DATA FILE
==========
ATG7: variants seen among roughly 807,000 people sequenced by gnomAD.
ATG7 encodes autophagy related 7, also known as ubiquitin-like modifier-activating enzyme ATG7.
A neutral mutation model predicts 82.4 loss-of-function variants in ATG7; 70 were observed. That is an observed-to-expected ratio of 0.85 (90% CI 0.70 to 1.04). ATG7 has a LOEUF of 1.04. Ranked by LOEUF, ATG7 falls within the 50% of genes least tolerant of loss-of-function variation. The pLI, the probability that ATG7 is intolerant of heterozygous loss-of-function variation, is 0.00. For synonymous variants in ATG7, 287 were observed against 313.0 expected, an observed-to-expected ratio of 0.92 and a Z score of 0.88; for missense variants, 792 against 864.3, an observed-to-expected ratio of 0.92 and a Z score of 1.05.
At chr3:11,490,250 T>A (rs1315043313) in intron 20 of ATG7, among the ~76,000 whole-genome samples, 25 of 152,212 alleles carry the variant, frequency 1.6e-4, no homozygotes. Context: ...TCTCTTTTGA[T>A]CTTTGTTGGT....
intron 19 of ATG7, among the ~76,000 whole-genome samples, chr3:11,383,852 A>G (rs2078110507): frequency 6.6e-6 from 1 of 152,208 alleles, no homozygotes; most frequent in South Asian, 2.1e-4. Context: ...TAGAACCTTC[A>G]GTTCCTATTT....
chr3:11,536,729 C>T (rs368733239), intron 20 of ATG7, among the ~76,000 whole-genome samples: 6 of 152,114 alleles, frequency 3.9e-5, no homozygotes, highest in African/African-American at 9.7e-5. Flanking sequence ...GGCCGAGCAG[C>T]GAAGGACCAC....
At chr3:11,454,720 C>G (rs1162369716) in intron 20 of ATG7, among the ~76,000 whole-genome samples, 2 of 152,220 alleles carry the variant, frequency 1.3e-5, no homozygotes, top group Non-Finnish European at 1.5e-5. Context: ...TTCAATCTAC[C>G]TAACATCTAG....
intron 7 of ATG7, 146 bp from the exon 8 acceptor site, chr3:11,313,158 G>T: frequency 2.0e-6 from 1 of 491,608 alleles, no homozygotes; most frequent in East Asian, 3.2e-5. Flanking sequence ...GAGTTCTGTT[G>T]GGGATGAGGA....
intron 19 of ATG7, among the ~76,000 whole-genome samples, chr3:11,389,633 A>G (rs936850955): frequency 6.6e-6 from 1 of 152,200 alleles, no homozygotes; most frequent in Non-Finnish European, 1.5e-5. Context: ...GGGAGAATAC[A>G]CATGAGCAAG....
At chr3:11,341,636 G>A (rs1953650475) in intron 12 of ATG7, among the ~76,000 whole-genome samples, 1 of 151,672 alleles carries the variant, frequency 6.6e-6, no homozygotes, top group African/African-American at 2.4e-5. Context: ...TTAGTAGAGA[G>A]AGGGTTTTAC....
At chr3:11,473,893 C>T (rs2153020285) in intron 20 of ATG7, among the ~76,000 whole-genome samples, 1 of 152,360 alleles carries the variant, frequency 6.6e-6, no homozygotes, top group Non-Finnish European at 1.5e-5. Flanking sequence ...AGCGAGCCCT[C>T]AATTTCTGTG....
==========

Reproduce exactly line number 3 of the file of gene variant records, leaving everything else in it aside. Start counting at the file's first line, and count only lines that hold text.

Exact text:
A neutral mutation model predicts 82.4 loss-of-function variants in ATG7; 70 were observed. That is an observed-to-expected ratio of 0.85 (90% CI 0.70 to 1.04). ATG7 has a LOEUF of 1.04. Ranked by LOEUF, ATG7 falls within the 50% of genes least tolerant of loss-of-function variation. The pLI, the probability that ATG7 is intolerant of heterozygous loss-of-function variation, is 0.00. For synonymous variants in ATG7, 287 were observed against 313.0 expected, an observed-to-expected ratio of 0.92 and a Z score of 0.88; for missense variants, 792 against 864.3, an observed-to-expected ratio of 0.92 and a Z score of 1.05.